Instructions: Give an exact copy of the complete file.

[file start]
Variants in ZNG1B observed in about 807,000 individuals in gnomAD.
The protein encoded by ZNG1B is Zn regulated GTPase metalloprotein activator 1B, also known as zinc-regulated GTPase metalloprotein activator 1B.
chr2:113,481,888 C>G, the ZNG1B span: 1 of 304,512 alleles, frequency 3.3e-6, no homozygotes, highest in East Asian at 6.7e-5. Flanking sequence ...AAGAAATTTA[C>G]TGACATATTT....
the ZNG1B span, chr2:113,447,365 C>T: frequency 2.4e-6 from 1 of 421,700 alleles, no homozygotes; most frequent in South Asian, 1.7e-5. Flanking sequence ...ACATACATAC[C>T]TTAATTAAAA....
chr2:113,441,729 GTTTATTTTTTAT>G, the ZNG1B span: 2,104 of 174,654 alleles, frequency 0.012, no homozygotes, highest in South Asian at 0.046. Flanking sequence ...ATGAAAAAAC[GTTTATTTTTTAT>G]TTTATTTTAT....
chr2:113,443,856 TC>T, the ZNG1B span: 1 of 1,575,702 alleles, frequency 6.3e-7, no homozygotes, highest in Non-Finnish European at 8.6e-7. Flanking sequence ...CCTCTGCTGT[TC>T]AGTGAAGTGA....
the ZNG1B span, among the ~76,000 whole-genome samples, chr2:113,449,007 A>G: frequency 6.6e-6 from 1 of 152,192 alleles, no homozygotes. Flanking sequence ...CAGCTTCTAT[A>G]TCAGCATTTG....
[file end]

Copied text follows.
Variants in ZNG1B observed in about 807,000 individuals in gnomAD.
The protein encoded by ZNG1B is Zn regulated GTPase metalloprotein activator 1B, also known as zinc-regulated GTPase metalloprotein activator 1B.
chr2:113,481,888 C>G, the ZNG1B span: 1 of 304,512 alleles, frequency 3.3e-6, no homozygotes, highest in East Asian at 6.7e-5. Flanking sequence ...AAGAAATTTA[C>G]TGACATATTT....
the ZNG1B span, chr2:113,447,365 C>T: frequency 2.4e-6 from 1 of 421,700 alleles, no homozygotes; most frequent in South Asian, 1.7e-5. Flanking sequence ...ACATACATAC[C>T]TTAATTAAAA....
chr2:113,441,729 GTTTATTTTTTAT>G, the ZNG1B span: 2,104 of 174,654 alleles, frequency 0.012, no homozygotes, highest in South Asian at 0.046. Flanking sequence ...ATGAAAAAAC[GTTTATTTTTTAT>G]TTTATTTTAT....
chr2:113,443,856 TC>T, the ZNG1B span: 1 of 1,575,702 alleles, frequency 6.3e-7, no homozygotes, highest in Non-Finnish European at 8.6e-7. Flanking sequence ...CCTCTGCTGT[TC>T]AGTGAAGTGA....
the ZNG1B span, among the ~76,000 whole-genome samples, chr2:113,449,007 A>G: frequency 6.6e-6 from 1 of 152,192 alleles, no homozygotes. Flanking sequence ...CAGCTTCTAT[A>G]TCAGCATTTG....